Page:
Culture of isolated embryos of Pinus radiata D. Don
Degree GrantorUniversity of Canterbury
Degree NameMaster of Science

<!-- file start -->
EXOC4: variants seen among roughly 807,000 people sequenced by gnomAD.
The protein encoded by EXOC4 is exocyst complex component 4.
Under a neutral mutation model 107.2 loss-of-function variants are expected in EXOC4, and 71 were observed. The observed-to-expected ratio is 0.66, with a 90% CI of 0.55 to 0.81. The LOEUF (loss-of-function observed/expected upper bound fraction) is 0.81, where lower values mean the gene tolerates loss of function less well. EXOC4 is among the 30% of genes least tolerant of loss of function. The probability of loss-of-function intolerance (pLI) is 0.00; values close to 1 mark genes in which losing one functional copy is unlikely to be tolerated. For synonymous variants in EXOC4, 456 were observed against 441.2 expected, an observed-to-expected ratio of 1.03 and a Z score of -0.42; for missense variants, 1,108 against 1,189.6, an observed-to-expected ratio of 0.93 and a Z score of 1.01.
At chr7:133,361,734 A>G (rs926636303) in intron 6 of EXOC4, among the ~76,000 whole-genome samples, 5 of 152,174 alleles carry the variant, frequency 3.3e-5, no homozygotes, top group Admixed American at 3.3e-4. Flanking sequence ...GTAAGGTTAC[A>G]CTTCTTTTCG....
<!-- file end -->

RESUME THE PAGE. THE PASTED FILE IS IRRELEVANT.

Effects of nutritional factors, plant growth regulators, and physical factors on the conversion of isolated embryos into plantlets of Pinus radiata were investigated. Results showed that nutritional factors were critical to the conversion of isolated embryos into plantlets of P. radiata. The optimum medium strength was half strength of the medium consisting of modified Quoirin and Le Poivre (LP) salts (von Arnold and Eriksson 1981) and Schenk and Hildebrandt (1972) (SH) vitamins. Sucrose (3%) as well as glucose (2-3%) and fructose (2-5%) could serve as carbon sources for the conversion of isolated embryos into plantlets of P. radiata. In general, a few significant benefits were found with the addition of organic nitrogen sources tested on the performance of isolated zygotic embryos into plantlets of P. radiata. Nearly all plant growth regulators tested were not beneficial for the conversion of isolated zygotic embryos into plantlets of P. radiata, and some of them had negative effect. Only GA₃ (gibberellic acid at 0.58 μM) seemed to stimulate embryos to germinate a little bit earlier in comparison with the control. Submerging the cotyledons of the isolated embryo into the agar-gelled medium showed better growth in comparison with the control. Embryos cultured in liquid medium grew better but the germination percentage was apparently lower compared with 0.8% agar-gelled medium. liquid medium with sponge support could increase the percentage of germinated isolated embryos but the embryo growth was not comparable to the liquid medium only. The addition of PEG (polyethylene glycol) 6000 to the liquid medium seemed to increase the germination percentage and had no negative effect on the growth of isolated embryo. Light could influence embryo growth in different ways. For root growth, 16-hour photoperiod appeared to be the best, but for cotyledon development continuous light condition seemed to be the best. In continuous darkness, the hypocotyl appeared to elongate more, but the cotyledon and root did not grow well. Isolated embryos cultured on the optimum medium (LPSH2) grew well. The resulting plantlets (i.e. emblings) appeared normal, but were smaller than seedlings. Studies on biochemical changes during germination and early embling or seedling growth showed that the patterns of changes in total protein, soluble sugar, and starch content were generally different between emblings and seedlings. However, on fresh weight basis, total protein concentrations and their SDS-PAGE profiles showed that there was little difference between emblings and seedlings. Results of this study should be helpful as a basic reference for the artificial seed technology development starting from germination and plant conversion of P. Radiate somatic embryo with an artificial megagametophyte.